For half of her life, Lizzie A. Borden lived in modest homes in the unfashionable south end of the city. For the other half, she lived a life of quiet luxury on the Hill section in the north end of town in a dream house of her own taste and furnishing. The trip to Maplecroft is the pilgrimage all true Borden scholars must make. Briefly a B&B back in the 1990’s, no house in the city is surrounded by more mystery, because photographs, even in its public days, were forbidden inside. For all who want to understand Lizzie, the desire to see what is left of her gilded cage on French Street is a heart’s burning desire. Perhaps the fact that the house is closed to inquiring eyes makes knowledge of her private palace even more desirable.
As the house was not built for Lizzie and Emma, – they took occupancy in September 1893 – it would be nearly impossible to say with any certainty just how much of the interior furnishings such as woodwork, fireplace mantels, built-ins, etc. are Lizzie’s taste, and how much were the previous owner’s. Some things are known to be Lizzie’s additions, such as the back bedroom over the kitchen, the stone chimney, the back yard granite block wall, – and perhaps the mantel in her library with her favorite hymn and Scottish thistles, At Home in My Ain Countrie. Of course there is always just the chance that the mantel was there first, and inspired her love of the hymn after. We may never know.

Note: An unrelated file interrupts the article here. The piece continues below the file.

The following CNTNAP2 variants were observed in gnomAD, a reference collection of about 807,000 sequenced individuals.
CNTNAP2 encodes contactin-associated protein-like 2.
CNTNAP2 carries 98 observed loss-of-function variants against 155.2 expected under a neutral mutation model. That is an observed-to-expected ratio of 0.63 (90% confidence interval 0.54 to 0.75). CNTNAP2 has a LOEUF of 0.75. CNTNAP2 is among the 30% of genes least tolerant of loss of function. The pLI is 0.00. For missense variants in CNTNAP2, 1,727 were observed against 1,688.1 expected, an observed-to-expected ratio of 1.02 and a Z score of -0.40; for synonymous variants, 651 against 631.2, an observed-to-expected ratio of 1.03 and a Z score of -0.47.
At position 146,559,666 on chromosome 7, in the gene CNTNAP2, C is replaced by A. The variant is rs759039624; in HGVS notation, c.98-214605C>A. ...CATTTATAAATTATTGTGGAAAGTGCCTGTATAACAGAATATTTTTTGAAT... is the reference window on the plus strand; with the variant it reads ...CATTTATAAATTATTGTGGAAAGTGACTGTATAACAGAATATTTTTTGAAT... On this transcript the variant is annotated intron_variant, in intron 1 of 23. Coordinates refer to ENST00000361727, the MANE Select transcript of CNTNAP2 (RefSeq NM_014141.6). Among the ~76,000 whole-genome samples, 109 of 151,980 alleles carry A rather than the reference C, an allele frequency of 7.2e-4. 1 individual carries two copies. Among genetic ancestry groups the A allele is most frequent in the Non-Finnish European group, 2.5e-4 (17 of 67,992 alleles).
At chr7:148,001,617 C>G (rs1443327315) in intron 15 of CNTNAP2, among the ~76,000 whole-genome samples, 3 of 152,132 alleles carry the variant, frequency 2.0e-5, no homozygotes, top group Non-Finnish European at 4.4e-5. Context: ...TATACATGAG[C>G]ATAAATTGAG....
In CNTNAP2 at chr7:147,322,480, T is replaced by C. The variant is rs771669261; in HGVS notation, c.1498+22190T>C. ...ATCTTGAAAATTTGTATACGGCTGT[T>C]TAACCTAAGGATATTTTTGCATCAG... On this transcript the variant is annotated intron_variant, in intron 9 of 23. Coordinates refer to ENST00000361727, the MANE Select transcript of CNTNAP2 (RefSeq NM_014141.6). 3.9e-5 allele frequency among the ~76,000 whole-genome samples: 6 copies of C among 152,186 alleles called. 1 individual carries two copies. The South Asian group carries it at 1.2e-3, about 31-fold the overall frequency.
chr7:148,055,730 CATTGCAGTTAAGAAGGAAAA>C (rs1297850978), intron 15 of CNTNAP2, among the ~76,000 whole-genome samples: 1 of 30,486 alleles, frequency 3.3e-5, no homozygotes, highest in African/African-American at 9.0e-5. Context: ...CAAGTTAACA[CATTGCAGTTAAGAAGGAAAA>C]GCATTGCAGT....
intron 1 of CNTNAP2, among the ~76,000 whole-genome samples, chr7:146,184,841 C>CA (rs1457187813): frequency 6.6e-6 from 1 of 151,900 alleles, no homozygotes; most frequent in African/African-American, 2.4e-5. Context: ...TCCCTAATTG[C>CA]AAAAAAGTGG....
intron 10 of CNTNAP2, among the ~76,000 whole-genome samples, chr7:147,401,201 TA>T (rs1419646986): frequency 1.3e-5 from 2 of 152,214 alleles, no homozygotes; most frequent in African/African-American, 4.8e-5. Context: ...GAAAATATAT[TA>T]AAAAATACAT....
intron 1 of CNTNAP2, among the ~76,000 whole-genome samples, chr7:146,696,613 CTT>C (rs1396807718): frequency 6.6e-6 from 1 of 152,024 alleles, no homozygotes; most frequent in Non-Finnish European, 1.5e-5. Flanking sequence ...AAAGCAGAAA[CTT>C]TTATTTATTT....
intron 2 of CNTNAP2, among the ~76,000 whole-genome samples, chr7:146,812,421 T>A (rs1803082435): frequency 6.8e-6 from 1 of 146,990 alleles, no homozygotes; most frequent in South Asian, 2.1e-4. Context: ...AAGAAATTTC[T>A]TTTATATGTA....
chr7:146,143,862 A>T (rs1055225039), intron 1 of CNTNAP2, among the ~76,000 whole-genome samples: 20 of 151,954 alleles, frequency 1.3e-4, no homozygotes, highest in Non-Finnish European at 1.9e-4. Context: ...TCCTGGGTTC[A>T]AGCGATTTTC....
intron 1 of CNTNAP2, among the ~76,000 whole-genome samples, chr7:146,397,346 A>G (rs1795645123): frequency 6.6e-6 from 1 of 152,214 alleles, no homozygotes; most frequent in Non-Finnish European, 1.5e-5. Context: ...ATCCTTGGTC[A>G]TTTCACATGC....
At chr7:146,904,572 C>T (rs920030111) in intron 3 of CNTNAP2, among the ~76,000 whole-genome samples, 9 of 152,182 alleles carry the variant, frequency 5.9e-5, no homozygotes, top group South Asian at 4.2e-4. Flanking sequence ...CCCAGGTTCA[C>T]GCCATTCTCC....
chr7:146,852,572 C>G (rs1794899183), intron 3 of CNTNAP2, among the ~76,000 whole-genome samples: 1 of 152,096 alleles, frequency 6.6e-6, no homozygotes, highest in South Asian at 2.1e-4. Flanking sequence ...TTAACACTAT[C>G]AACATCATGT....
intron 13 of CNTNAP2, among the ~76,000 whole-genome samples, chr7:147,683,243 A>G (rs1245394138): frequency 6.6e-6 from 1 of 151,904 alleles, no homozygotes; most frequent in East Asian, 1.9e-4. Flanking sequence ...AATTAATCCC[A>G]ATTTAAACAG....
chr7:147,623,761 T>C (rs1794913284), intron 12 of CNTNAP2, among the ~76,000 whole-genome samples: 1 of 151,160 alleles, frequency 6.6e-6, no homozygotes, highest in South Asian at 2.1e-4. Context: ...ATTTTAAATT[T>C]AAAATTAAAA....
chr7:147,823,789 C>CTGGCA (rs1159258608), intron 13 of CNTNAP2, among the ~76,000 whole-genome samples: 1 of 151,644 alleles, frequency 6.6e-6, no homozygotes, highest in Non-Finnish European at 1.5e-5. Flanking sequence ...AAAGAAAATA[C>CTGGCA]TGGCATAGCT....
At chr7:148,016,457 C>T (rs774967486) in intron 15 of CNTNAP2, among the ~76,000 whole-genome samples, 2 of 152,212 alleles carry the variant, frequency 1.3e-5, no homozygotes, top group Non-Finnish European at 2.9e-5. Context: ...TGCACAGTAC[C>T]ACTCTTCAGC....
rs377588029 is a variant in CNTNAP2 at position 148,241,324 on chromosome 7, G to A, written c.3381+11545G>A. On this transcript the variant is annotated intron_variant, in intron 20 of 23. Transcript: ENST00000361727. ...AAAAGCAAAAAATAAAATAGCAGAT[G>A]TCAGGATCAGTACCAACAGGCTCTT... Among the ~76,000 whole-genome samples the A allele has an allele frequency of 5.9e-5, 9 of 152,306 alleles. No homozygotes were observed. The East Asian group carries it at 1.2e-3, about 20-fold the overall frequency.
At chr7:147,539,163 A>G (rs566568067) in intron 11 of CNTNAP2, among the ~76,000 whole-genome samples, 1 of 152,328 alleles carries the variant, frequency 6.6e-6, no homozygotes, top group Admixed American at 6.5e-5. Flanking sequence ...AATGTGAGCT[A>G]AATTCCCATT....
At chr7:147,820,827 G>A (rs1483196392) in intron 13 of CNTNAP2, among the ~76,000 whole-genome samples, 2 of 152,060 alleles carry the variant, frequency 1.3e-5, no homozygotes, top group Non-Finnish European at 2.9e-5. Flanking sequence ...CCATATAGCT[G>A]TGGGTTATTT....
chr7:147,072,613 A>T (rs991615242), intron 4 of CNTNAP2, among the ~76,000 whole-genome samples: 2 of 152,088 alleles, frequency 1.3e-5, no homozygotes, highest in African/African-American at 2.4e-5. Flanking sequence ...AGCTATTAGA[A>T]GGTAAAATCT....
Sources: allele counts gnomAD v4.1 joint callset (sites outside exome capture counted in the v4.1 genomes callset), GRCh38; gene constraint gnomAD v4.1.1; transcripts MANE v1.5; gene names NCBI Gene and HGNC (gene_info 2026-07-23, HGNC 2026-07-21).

One mantel in particular has captured the imagination of Bordeniaphiles for years however- the second floor front mantel with this verse:
And old time friends and twilight plays
And starry nights and sunny days.
Come trooping up the misty ways
When my fires burn low.
Whether this room which faces French Street on the front second floor of the house was a bedroom or reception room is unsure, but the verse in the mantel invokes a deep sense of wistfulness as one contemplates how it may have held great significance for Lizzie’s solitary life after Emma departed Maplecroft in 1905. For the loyal handful of friends who braved the criticism of Fall River high society, and called upon Lizzie there, theirs must have been a warm welcome. These were the “old time friends” who drew near when Lizzie’s “fire burned low”. The poem is surrounded by clusters of clover leaves, tokens of good fortune. The message of the mantel is not lost upon those who care to look.
The mantel today is no longer in its old familiar place. It has been replaced by one of marble. Eighty years ago a frail woman sat by this mantel perhaps thinking over her life and all the secrets locked away within the walls of Maplecroft. If places retain the resonance of those who have dwelt within them, surely Maplecroft holds dark secrets and mysteries still.